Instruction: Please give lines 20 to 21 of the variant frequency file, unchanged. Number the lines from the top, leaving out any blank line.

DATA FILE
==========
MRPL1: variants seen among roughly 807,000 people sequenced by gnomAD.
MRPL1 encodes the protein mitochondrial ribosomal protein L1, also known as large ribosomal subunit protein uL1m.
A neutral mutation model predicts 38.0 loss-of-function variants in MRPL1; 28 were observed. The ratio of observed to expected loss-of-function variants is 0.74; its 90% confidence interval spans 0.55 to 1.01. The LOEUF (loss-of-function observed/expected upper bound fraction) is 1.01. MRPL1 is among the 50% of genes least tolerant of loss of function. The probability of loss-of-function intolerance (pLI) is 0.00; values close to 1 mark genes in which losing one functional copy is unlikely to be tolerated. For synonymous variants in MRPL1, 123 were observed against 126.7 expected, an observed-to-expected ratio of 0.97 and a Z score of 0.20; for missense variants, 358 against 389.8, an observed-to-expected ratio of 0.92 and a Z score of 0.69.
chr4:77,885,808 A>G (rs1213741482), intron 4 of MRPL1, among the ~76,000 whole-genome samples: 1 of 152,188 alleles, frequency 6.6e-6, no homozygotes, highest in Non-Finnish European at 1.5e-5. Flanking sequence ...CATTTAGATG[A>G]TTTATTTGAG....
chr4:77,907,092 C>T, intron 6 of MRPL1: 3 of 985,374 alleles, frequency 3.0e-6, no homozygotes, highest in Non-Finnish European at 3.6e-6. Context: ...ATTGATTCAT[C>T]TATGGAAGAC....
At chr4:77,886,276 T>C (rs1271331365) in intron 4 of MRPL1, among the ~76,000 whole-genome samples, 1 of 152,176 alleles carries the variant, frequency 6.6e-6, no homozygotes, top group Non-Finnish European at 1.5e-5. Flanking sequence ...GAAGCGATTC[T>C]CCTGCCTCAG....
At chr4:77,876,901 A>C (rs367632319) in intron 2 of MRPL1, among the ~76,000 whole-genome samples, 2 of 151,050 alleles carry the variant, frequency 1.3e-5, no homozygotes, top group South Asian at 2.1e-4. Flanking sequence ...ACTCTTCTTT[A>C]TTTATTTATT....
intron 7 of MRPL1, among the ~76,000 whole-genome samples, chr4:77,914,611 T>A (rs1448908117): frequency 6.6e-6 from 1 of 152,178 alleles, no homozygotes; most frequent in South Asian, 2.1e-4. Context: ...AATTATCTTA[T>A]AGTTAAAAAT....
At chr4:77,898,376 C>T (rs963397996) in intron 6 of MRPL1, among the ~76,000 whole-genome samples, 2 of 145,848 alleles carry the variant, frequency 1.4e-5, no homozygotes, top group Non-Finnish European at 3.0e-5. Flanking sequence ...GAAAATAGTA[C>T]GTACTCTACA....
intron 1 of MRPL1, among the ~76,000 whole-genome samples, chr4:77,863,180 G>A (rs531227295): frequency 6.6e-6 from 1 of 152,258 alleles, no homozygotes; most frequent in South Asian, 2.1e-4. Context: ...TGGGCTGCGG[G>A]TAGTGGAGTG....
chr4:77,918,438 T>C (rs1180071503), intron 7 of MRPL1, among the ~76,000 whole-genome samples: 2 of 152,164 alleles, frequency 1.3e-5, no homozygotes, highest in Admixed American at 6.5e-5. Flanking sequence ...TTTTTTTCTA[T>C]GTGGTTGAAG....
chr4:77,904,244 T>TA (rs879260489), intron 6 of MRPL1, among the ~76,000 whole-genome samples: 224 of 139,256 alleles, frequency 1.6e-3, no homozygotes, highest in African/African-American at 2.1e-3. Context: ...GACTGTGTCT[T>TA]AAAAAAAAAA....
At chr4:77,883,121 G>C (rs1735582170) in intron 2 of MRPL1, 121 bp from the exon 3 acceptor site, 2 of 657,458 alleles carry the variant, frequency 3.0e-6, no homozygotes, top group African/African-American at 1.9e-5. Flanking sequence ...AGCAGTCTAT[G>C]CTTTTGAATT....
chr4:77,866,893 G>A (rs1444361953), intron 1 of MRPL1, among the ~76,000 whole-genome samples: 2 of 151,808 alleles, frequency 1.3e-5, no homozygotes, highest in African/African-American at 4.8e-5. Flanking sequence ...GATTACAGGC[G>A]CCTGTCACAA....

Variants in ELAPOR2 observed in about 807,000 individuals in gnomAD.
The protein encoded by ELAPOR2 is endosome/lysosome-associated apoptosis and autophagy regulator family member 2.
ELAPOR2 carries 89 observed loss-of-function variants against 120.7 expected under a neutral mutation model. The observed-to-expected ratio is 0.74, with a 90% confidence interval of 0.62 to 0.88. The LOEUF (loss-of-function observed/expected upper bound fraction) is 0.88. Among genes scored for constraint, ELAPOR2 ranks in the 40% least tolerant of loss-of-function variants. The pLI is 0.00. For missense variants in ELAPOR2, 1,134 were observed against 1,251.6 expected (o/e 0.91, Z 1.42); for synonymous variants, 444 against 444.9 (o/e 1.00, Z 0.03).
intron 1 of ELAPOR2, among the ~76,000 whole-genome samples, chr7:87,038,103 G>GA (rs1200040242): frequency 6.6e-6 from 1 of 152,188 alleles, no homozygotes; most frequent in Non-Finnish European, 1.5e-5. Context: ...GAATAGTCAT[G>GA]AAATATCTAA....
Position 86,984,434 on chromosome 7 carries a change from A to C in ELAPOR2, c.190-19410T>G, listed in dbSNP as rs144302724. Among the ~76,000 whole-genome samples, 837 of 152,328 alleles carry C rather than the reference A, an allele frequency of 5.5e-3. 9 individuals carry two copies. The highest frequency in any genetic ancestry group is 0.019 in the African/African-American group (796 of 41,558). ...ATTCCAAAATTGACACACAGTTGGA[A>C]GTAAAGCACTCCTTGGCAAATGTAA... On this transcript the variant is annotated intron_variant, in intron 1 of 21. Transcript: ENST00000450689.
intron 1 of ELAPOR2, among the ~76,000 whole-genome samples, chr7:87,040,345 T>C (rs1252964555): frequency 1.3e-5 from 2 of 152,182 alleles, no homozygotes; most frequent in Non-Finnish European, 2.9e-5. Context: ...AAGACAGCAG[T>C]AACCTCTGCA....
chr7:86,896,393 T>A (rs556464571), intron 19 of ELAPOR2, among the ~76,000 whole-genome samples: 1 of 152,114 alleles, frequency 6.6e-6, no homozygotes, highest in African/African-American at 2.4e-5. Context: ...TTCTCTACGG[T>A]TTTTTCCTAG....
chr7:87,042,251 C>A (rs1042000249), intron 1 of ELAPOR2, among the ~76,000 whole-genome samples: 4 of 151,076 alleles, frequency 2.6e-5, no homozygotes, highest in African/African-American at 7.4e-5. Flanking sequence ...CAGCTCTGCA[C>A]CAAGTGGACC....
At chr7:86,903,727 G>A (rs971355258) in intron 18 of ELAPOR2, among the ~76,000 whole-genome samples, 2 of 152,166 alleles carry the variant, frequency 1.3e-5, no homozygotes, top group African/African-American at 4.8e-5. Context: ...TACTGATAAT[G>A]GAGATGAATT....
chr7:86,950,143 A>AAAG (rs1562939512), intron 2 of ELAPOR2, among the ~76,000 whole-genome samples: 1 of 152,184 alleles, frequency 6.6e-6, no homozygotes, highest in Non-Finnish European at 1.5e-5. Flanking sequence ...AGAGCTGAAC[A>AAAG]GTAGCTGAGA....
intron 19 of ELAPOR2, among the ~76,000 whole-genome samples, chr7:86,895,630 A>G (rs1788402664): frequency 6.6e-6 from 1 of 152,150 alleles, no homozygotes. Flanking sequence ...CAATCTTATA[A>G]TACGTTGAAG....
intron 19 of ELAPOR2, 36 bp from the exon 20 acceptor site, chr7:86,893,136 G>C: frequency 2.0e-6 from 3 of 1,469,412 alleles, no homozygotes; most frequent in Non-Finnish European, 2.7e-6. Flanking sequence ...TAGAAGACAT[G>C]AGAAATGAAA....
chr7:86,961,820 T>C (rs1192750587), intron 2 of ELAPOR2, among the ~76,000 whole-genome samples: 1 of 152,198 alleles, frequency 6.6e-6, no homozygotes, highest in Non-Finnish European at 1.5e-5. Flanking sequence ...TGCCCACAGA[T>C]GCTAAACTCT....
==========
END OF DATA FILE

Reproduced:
intron 1 of ELAPOR2, among the ~76,000 whole-genome samples, chr7:87,040,345 T>C (rs1252964555): frequency 1.3e-5 from 2 of 152,182 alleles, no homozygotes; most frequent in Non-Finnish European, 2.9e-5. Context: ...AAGACAGCAG[T>C]AACCTCTGCA....
chr7:86,896,393 T>A (rs556464571), intron 19 of ELAPOR2, among the ~76,000 whole-genome samples: 1 of 152,114 alleles, frequency 6.6e-6, no homozygotes, highest in African/African-American at 2.4e-5. Context: ...TTCTCTACGG[T>A]TTTTTCCTAG....